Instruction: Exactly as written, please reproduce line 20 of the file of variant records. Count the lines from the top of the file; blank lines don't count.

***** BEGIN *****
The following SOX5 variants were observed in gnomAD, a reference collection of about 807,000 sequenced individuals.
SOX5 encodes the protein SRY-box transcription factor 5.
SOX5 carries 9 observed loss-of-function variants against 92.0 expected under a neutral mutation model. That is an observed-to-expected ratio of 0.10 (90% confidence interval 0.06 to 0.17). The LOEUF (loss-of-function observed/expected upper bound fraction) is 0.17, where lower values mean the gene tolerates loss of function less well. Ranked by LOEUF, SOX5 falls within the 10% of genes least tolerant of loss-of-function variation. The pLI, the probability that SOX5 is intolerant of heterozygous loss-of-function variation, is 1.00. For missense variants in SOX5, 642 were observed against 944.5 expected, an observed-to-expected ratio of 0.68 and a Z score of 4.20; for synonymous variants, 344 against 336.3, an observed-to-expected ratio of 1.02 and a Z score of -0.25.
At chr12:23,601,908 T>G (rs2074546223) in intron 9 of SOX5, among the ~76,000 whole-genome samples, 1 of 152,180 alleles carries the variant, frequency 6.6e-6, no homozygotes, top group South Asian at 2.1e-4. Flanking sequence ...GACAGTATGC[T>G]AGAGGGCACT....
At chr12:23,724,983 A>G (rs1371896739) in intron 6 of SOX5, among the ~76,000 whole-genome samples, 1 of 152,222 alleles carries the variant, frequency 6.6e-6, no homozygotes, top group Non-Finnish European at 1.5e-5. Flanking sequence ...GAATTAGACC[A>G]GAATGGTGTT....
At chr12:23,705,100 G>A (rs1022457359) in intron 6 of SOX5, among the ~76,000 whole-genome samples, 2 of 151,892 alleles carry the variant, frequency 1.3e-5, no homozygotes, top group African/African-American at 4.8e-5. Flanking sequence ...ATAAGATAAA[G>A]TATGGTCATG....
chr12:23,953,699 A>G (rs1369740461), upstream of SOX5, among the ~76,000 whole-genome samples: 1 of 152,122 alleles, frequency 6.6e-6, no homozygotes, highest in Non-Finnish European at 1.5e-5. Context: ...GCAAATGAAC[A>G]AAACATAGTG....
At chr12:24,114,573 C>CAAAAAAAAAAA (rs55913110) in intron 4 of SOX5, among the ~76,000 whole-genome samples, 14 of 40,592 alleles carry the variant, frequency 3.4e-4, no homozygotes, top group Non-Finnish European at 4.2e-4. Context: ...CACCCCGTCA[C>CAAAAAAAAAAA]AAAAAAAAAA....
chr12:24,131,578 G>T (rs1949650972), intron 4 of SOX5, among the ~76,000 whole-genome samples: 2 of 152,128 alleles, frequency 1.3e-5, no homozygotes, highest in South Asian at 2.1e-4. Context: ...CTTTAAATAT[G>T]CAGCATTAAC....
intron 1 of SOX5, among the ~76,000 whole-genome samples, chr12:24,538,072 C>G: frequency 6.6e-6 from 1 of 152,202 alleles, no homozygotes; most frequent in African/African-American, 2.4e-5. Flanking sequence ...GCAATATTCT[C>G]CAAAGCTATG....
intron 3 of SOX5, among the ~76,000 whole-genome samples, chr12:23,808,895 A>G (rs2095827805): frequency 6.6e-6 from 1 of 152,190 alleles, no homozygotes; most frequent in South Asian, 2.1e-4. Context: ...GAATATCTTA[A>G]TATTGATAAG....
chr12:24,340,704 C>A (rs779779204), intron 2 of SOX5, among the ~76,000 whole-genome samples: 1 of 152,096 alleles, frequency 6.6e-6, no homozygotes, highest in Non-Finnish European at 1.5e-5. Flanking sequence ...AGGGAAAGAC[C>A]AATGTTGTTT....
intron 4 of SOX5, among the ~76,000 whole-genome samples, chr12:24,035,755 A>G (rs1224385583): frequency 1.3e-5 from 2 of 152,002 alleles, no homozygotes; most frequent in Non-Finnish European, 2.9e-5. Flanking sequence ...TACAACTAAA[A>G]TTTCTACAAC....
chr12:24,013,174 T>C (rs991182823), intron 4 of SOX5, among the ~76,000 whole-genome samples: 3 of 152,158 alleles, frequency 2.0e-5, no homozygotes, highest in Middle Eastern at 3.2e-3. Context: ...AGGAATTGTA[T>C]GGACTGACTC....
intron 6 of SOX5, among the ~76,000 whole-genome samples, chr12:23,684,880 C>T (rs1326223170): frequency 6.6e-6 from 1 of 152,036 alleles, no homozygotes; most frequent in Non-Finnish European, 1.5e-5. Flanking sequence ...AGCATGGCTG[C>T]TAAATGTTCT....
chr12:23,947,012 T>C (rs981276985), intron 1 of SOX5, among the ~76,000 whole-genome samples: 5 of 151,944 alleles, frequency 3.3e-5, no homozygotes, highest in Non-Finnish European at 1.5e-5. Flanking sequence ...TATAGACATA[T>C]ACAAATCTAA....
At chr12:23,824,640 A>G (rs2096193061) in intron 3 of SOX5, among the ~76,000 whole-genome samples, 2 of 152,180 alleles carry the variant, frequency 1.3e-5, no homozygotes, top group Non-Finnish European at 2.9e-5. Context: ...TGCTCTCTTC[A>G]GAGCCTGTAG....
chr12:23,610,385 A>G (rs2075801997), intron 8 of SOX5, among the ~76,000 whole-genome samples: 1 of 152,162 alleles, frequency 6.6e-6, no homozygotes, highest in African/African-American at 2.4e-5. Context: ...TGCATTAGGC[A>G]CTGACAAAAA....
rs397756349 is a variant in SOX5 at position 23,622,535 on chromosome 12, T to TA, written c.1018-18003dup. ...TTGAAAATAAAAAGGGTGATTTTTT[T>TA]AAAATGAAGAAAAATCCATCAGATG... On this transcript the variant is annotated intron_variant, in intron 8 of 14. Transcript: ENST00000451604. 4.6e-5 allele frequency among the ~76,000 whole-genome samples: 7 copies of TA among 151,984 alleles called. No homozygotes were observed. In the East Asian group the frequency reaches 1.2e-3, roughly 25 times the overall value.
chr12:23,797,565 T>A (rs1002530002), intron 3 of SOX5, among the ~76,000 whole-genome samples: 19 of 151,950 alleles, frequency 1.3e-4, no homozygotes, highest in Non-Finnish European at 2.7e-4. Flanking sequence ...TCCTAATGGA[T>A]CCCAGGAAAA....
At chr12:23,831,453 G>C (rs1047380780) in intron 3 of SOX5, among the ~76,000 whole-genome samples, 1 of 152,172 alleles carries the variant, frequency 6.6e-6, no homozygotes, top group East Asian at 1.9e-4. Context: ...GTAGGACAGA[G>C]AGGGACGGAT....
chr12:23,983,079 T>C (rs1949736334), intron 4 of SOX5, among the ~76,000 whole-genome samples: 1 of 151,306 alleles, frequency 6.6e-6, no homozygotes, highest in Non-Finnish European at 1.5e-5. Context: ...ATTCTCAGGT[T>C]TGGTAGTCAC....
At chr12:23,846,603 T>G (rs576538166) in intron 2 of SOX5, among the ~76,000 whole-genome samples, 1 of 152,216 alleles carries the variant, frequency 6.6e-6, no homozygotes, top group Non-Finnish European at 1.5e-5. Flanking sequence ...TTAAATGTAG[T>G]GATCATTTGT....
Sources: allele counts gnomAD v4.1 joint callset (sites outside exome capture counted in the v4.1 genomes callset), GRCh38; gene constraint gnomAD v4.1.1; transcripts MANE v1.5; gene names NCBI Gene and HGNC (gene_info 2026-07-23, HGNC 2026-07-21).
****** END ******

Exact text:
chr12:23,797,565 T>A (rs1002530002), intron 3 of SOX5, among the ~76,000 whole-genome samples: 19 of 151,950 alleles, frequency 1.3e-4, no homozygotes, highest in Non-Finnish European at 2.7e-4. Flanking sequence ...TCCTAATGGA[T>A]CCCAGGAAAA....